I had the opportunity to attend The New Space 2.0 conference last month in Seattle and was impressed by how much this industry is changing. The conference focused on the next generation of space flight and the dramatic changes happening today, covering a number of dynamics around the commercialization of space flight. When many of us think of space flight, we envision exploration programs run by entities like NASA and JPL with huge budgets and timelines measure in decades. New Space 2.0 embraces private endeavors from such pioneers as SpaceX (Elon Musk), Virgin Galactic (Richard Bronson) and Blue Origin (Jeff Bezos) who are working diligently to make space flight a consumer experience and move missions from exploration to exploitation.
Given that Datalight’s software has been included in a number of space projects, I’ve had a strong interest in the industry, both personally and professionally. Datalight software can be found in the International Space Station, reusable rockets, a number of communication and navigation satellites and many ground-based test stations that support the space industries.
The cost of space flight is decreasing dramatically. It used to be that a trip to space would cost around $500 million, while today the trip costs closer to $50 million. This dramatic cost reduction is due in part to the use of Common Off-The-Shelf (COTS) parts for space flight, instead of the bespoke designs crafted for missions past. These COTS parts may increase the likelihood of failure for a satellite launch by a fractional percentage, but one can argue that those odds are acceptable for a flight at one-tenth the price.
More affordable access to space is providing an opportunity for smaller companies to leverage space for commercial endeavors. At last month’s conference there were a number of discussions regarding investing in space for commercial gain, and governments are also excited to participate in this commercialization. In a presentation by an Israeli representative we learned that the Israeli government would underwrite a company’s efforts to develop new space technologies in Israel by 85%, if an Israeli company was contracted by a US manufacturer Israel could underwrite 50% of the effort.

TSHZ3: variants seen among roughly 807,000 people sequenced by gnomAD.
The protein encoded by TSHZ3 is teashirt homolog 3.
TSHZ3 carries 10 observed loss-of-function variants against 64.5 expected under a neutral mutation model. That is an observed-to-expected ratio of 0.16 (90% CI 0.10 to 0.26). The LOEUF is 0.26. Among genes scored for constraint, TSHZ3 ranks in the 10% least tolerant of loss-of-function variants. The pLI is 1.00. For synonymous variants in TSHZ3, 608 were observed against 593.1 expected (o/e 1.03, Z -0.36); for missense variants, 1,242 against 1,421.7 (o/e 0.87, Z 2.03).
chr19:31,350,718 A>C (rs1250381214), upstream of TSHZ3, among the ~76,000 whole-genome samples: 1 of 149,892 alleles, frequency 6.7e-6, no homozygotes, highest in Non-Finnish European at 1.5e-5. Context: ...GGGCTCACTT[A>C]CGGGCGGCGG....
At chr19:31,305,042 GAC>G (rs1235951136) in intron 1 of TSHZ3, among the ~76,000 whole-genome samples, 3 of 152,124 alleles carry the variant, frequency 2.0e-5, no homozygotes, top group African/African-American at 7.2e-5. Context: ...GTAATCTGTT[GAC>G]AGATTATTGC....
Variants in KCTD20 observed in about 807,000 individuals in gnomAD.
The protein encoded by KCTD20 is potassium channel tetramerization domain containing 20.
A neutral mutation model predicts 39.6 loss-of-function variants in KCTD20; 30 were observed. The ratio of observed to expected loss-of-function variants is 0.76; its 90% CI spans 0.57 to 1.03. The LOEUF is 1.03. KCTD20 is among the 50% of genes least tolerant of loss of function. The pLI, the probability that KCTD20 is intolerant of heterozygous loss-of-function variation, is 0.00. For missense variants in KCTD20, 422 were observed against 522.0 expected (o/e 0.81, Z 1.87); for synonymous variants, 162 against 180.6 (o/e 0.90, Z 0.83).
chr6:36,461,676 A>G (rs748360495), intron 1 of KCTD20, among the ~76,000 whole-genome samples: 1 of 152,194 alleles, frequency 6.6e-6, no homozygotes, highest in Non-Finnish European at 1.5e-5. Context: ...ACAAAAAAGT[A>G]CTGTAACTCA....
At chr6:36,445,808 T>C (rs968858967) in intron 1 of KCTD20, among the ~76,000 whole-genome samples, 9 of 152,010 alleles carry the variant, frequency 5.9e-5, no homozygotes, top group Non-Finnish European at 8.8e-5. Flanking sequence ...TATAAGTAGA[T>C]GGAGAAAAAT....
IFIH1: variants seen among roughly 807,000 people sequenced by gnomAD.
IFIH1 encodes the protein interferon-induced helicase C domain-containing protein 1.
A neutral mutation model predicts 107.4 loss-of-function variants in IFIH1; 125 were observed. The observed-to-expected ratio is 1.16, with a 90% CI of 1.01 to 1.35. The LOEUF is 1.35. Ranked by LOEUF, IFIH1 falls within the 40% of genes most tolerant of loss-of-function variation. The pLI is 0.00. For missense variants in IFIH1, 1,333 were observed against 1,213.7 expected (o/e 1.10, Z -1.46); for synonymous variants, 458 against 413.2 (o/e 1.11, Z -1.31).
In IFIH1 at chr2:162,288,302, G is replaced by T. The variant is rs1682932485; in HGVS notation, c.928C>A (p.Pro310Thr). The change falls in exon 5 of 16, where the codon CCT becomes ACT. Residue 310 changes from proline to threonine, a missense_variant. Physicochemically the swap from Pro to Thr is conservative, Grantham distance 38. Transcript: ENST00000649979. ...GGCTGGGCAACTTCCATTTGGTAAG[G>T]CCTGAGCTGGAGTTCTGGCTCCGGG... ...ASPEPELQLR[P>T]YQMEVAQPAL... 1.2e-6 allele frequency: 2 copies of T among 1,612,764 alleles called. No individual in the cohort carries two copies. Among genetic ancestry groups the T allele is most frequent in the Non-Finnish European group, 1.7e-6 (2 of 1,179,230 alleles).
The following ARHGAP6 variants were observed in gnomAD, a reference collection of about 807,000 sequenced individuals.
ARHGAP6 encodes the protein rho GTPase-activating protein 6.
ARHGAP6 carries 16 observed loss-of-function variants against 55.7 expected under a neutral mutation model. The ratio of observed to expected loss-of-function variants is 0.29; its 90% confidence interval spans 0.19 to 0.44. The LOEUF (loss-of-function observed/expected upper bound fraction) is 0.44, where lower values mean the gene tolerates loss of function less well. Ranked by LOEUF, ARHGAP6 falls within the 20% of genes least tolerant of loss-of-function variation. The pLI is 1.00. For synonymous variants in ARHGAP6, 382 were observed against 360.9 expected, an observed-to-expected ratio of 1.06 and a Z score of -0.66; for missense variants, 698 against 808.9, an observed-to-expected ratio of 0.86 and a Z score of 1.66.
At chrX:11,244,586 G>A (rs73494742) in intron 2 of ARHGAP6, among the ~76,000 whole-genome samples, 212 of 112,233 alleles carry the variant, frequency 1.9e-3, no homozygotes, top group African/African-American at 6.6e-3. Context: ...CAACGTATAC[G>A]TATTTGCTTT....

This video from Blue Origin (https://www.blueorigin.com/astronaut-experience#youtube-YJhymiZjqc) provides a good example of what a trip to space would feel like. From the prep and testing of the rocket booster to the feel inside the cabin during the flight, all the way to the holding in space and the parachute descent to earth, this experience would be a daredevil’s dream.
A project from Planatery Resources demonstrates the consumer’s fascination with space. The crowd-funded effort planned to put a small satellite into space that could display your picture on a screen. The system would then capture a photo of your visage floating in space, with the earth in the background and send it back to you on earth. The level of interest in this novelty was amazing – the campaign had hundreds of thousands of supporters.
One of the ways you can judge a show is by the coolness of the giveaways. The New Space 2.0 conference was pretty hard to compete with on this front. The picture below shows an attendee giveaway, offered by Ravenna Interactive (www.ravennainteractive.com), of an actual space helmet with its own manufactured skull holder, which would be a conversation starter on any desk – but it unfortunately won’t be gracing my desk.